Posters have been produced since the printing press was invented in the 15th century. Until about 1800, however, posters were mainly text with sometimes a small illustration.

The invention of lithography, in 1798, made it much easier to include colour illustrations in posters. This, and the need to advertise the new mass-produced goods being produced as a result of the Industrial Revolution, led to a boom in poster production.

"Jane Avril" by Toulouse-Lautrec (1899)
“Jane Avril” by Toulouse-Lautrec (1899)

Posters in the first half of the 19th century were still straightforward with text predominating and illustration secondary. From 1867, Jules Cherat began producing posters in which the illustration was the dominant feature and text became a minor part, usually a few words at the bottom of the poster. Cherat’s illustrations were also different from the earlier style. Rather than straightforward, realistic illustrations, Cherat used idealised, romantic drawings.

Cherat’s style quickly became popular, not only for theatrical posters in which he specialised, but also for commercial advertisements. The vitality that this lent to poster art attracted major artists to the medium; the most important being Henri de Toulouse-Lautrec.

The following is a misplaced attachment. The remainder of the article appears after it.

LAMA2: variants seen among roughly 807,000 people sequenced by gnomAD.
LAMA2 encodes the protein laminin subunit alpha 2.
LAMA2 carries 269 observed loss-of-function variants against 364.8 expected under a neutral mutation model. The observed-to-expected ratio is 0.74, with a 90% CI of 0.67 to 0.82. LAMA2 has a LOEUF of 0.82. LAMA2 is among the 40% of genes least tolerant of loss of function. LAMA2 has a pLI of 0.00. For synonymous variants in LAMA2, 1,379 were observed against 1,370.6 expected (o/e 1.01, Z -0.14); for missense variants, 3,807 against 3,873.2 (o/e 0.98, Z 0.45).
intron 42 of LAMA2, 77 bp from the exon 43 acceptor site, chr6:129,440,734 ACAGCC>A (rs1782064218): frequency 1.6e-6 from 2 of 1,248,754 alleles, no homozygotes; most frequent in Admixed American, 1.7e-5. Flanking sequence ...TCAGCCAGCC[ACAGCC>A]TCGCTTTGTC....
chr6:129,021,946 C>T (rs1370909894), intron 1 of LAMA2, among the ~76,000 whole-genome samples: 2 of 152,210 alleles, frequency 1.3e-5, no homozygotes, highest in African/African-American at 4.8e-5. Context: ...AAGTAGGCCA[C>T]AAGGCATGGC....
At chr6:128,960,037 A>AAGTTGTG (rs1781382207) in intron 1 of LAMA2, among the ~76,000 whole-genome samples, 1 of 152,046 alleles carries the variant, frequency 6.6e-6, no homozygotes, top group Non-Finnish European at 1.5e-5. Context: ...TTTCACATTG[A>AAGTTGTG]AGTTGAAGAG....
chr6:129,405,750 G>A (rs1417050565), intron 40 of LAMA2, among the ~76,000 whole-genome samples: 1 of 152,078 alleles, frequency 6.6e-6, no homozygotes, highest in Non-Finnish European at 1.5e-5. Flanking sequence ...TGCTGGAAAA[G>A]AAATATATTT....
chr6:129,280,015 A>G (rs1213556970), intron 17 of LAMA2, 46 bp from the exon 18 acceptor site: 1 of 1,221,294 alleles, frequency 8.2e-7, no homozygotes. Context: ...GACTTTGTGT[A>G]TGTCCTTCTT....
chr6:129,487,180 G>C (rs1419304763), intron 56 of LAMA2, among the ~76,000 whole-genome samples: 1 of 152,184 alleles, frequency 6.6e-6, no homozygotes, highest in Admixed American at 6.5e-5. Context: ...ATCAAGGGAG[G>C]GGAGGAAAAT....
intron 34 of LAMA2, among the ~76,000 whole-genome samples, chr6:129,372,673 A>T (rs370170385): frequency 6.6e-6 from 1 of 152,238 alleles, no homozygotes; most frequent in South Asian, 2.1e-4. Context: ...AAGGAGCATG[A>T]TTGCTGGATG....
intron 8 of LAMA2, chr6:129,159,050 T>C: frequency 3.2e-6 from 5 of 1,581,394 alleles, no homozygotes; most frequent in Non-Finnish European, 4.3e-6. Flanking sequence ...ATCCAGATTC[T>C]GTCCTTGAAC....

Rather than the idealised, lyrical style of earlier posters, Toulouse-Lautrec’s painted real life scenes in an almost caricature style. He used large areas of flat colour and minimal text.

Art Nouveau artists, including Aubrey Beardsley, also created posters from the 1890s. These posters incorporated exotic stylised figures with elegant flowing lines. Two artists who produced particularly influential poster were Van de Verde, whose “Torop” poster in 1899 was the first to use a completely abstract design, and Pierre Bonnard, whose “La Revue Blanche” used text as part of the illustration intertwining the letters with the painted picture

"The Trumpet Calls" (Australian, 1914-18)
“The Trumpet Calls” (Australian, 1914-18)

The First World War brought an abrupt end to artistic posters. Instead, relatively crude, blunt propaganda posters were produced; the most famous example being James Montgomery Flagg’s “I Want You” sowing Uncle Sam pointing his finger at the viewer.

After the War, two new types of posters became prominent. The first travel poster had been produced by the London Transport Company in 1908 but it was not until the 1930s that they were commonly used by major travel companies. Movie posters also boomed as the popularity of films increased.

During the Second World War, forceful propaganda posters again predominated.. The principal innovation since the War has been the purely pictorial poster that relies entirely on illustration to convey its message.

Posters have been designed by such major artists as Pablo Picasso, Salvador Dali, Henri Matisse and Roy Lichtenstein.

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